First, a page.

Today’s marketers can’t just simply rely on Big Data for their decisions, any more than they can rely purely on gut feeling. Today’s marketing is about the combination of the two.
Call it persistence, stubbornness or sheer bloody-mindedness, but sometimes marketing your business means doing something knowing that it will fail, simply so that you can do it over and make it a success.
Don’t try to go up against your customers when it comes to content for web search results. You won’t win.
I like to think that I’ve watched enough video presentations given by self-proclaimed tech gurus predicting the “Next Big Thing” to be able to smell the bovine excrement from 100 paces. It’s usually the same people that crop-up over and over again, prophesising that “..the way that we do (whatever) is dead! This new thing that’s coming along is going to sweep everything else away in a blink of an eye!” You know the sort. However, I really can’t argue with the points made in a presentation that I recently found from Roger McNamee, MD and one of the founders of venture capital company Elevation Partners (who clearly need to get someone to redesign and update their website. Not only is the footer out of date, but the site uses Flash. Flash? Really ?). McNamee’s been investing in tech companies for nearly 30 years, including names such as Facebook, Forbes and Yelp, so in my book here’s a guy who probably knows what he’s talking about in terms of the trends taking over the tech world. I would love you to watch the whole video of his presentation. However the video’s been taken down, and a brief Google search (yes, …
Today it seems that everyone’s talking about computing in “The Cloud.” The concept is simple: Rather than buy a load of hardware and/or software and have it all sitting in your offices waiting to go wrong, blow up or become obsolete, you work and store your files with an online service that handles all that icky technical stuff for you. Our own Qarto translation management portal is an example of a cloud-based system – also known as Software As A Service which, of course, inevitably gets abbreviated to “SaaS.” Other examples are email systems such as Google Mail and Hotmail, online storage services such as Dropbox and Box, or office applications such as SugarCRM or Zoho. Even Microsoft have jumped on the cloud computing bandwagon, which isn’t such as surprise since cloud-based services generated over $68 billion last year and is forecast to hit around $150 billion by 2014. However, just lately cloud-based services have been taking a bit of a beating. Sony’s PlayStation Network got hacked and was offline for the best part of six weeks. On April 21st Amazon’s EC2 cloud-based platform fell over which, since many tech sites use EC2, had the knock-on effect of taking down services …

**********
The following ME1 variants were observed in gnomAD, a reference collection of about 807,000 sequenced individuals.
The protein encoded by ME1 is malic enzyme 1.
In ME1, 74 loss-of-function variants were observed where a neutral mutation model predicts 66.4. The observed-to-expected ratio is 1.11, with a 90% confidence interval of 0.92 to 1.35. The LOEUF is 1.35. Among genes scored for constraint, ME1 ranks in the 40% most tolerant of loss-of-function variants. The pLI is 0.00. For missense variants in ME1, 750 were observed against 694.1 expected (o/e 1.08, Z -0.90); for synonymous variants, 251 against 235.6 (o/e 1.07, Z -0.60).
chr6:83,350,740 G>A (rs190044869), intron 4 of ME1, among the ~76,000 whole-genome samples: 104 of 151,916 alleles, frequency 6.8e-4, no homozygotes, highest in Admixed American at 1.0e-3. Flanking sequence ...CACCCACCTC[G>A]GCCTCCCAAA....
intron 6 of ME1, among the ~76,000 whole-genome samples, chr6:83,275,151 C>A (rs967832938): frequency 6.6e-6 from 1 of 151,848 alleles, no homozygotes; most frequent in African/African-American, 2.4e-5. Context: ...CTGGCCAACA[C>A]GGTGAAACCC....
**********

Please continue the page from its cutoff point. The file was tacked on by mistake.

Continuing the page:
“CHEAPEST FLIGHTS!” “THE LOWEST HOTEL ROOM RATES!” “WE COMPARE, SO YOU DON’T NEED TO.” Price comparison websites are all the rage. From airline flights, to car insurance, to getting the best on your savings, there’s sure to be a website that aggregates the prices of various products and services to allowing you to compare them. But is it a fair comparison? The problem with price comparison websites is that they reduce your business value offering to a commodity. Comparing your product purely on price and features ignores all the value differentiation that you’re trying to get across. Your marketing, positioning, branding and uniqueness is stripped away. Comparison websites aim to anonymize you, while you’re doing everything you can possibly do to stand out. Image Credit Blending Into The Crowd was last modified: August 1st, 2013 by Gee Ranasinha
The mobile internet is coming fast. How does your company plan to take advantage of the opportunity that online mobile devices will provide?
The only way you can improve the performance of your website is through measurement. That means using and understanding website analytics software.
Video-based content offers huge opportunities within any startup or small business marketing repertoire.
Huge “one-size-fits-all” tradeshows are dying a death, overtaken by smaller, more targeted localized events.
With its most recent developments in the PDF file format, is Adobe abandoning the printing industry?